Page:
The Spruiker in the Khan and other snippets
The first time was interesting. He wanted my address. I remembered the street, but was unsure about the number. We settled on 21. He asked for my phone number. I didn't know it. I had spent the night before putting numbers into my mobile, everyone's except my own. He asked for my mobile number. I didn't know that either.
He found me anyway - despite the fact that the house number I had given him was wrong.
Coming home the other day I mistimed my arrival and managed to reach the beginning of my hedge as the school opposite poured an onslaught of young boys out into the roadway. I will never do that again. I must have shaken hands with forty boys before I reached my gate. All were either grimy, or sticky, and many were both. I had a vague flicker of concern about their personal hygeine, then decided I was better off not thinking about it. Each asked my my name but didn't listen to my answer and went straight on to "How old are you?", shaking their heads in amazement at the answer. I realised when I escaped indoors that I had said I was seventy-seven.
Bob (my husband) told me he had watched a flower seller arranging his buckets of flowers on the pavement. He then reached for a jug of water, took a mouthful, and sprayed it evenly through his teeth over the flowers.
It poured as we came home today. Really good rain, not the odd sprinkle I have seen from time to time. The only thing wrong with that was that we were still two blocks from home and not dressed for rain.
We were in the tiny vegetable shop in my street. After our purchases (strawberries, parsley, mint, and beautiful broccoli) and the initial comments about the goodness of rain for Cairo were covered, silence fell. Water streamed off the canvas awning in a stready waterfall before our faces. An older gentleman sitting under the eaves against the rolladoor next door pulled his mat back and put his foot on the fold to keep it dry.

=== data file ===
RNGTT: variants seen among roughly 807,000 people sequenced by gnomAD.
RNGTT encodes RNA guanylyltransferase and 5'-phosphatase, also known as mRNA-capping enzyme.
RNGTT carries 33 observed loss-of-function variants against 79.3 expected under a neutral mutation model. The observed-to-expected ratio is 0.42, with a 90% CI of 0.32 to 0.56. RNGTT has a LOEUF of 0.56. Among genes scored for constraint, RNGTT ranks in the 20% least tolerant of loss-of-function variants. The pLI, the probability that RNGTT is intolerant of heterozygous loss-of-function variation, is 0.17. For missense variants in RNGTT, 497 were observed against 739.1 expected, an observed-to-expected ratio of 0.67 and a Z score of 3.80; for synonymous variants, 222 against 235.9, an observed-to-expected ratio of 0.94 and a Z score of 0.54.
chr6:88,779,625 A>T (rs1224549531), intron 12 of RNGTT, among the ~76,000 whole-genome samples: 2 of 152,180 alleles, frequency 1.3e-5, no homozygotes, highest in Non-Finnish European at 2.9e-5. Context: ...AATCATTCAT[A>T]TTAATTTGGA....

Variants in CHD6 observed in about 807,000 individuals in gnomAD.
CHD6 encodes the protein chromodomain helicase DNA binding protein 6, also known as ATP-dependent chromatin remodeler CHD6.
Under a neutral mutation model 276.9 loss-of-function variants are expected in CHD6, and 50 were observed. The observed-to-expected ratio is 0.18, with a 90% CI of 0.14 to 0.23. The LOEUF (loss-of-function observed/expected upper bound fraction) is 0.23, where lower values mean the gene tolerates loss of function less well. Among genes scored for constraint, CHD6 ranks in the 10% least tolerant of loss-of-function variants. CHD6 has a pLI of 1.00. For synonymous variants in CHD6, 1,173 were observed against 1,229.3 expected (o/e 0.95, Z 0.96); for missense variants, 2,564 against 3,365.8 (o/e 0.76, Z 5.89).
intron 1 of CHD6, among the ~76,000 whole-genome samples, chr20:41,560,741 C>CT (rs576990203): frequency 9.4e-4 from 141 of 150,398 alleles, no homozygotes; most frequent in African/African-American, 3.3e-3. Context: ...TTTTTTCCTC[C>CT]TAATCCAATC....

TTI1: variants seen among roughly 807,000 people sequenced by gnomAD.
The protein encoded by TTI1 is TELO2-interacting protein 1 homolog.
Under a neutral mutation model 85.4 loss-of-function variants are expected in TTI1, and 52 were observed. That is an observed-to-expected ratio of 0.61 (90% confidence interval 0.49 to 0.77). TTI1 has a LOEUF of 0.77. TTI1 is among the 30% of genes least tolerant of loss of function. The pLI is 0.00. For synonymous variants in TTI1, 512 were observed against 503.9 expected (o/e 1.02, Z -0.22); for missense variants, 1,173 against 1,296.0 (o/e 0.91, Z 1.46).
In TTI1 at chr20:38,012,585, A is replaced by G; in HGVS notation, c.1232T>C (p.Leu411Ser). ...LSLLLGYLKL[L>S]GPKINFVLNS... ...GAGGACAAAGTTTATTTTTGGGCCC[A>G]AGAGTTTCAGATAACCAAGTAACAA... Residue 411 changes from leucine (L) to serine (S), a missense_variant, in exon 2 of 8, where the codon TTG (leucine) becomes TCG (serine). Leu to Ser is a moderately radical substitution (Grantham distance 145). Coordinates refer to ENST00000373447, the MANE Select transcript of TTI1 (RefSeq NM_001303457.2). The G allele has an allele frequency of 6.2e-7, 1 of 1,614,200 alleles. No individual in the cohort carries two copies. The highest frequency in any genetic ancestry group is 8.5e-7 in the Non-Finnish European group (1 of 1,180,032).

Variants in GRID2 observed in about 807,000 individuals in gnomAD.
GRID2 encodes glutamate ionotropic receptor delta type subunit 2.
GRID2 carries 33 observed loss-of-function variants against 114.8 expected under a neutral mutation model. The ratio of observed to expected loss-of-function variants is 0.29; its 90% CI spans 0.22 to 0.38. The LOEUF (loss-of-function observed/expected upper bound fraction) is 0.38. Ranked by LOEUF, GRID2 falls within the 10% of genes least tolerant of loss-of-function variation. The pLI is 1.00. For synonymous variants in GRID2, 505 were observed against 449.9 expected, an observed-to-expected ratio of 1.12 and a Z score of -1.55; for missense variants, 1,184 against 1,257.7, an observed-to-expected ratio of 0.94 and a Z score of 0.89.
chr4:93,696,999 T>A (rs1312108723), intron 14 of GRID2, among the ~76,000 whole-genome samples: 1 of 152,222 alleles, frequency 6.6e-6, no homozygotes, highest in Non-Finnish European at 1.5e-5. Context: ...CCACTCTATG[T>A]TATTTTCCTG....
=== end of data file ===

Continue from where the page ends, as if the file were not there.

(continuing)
There was a flurry of quick Arabic, and the shopowner swept a box of onions off a small stand in which was out in the rain, then turned it up to show that it could double as a small bench. It was a heavy weight wooden fruitbox on legs. He dried it thoroughly, put a cloth on it, and offered me a seat. Bob got a cracked plastic stool.
This might appear again - forgive me if it does, but I sent the following bit to the site yesterday - about thirty hours ago, and I have not seen it appear yet so I am trying again.
Yesterday was spent - delightfully - with a friend from the Embassy in exploring the Tentmakers' souq, and the local area beyond it, and briefly, Khan El Khalili.
I have sent, below, lots of wonderful faces from the local area beyond the tentmakers' souq. I am still learning ways to send photos to my blog. Text tends to duplicate under every single photo and that is frustrating and boring. So - I send them now without text, and though the heading will still duplicate, I hope the photos are worth the irritation. I have 117 photographs from a three hour walk and it is so hard to decide what to send.
The tentmakers souq is worth a piece all by itself, and I have marvelous photographs from this too, but I just wanted to tell one quick story.
We briefly dipped into the Khan before leaving the area with the intention of finding a clean toilet. Like in Damascus, local knowledge on such things is very worth while.
As we walked the gamut of urgers and calls of "come and see my shop", "what are you looking for?", "look, for only twenty five piastres you can buy something here", there was a lone voice saying something really different.
One man stood before a shop full of belly dancer costumes. He was twirling (very expertly and I bet he could belly dance too!) a coin covered scarf over his head. He called to us "Give me just two minutes and I will make you into an Arab woman".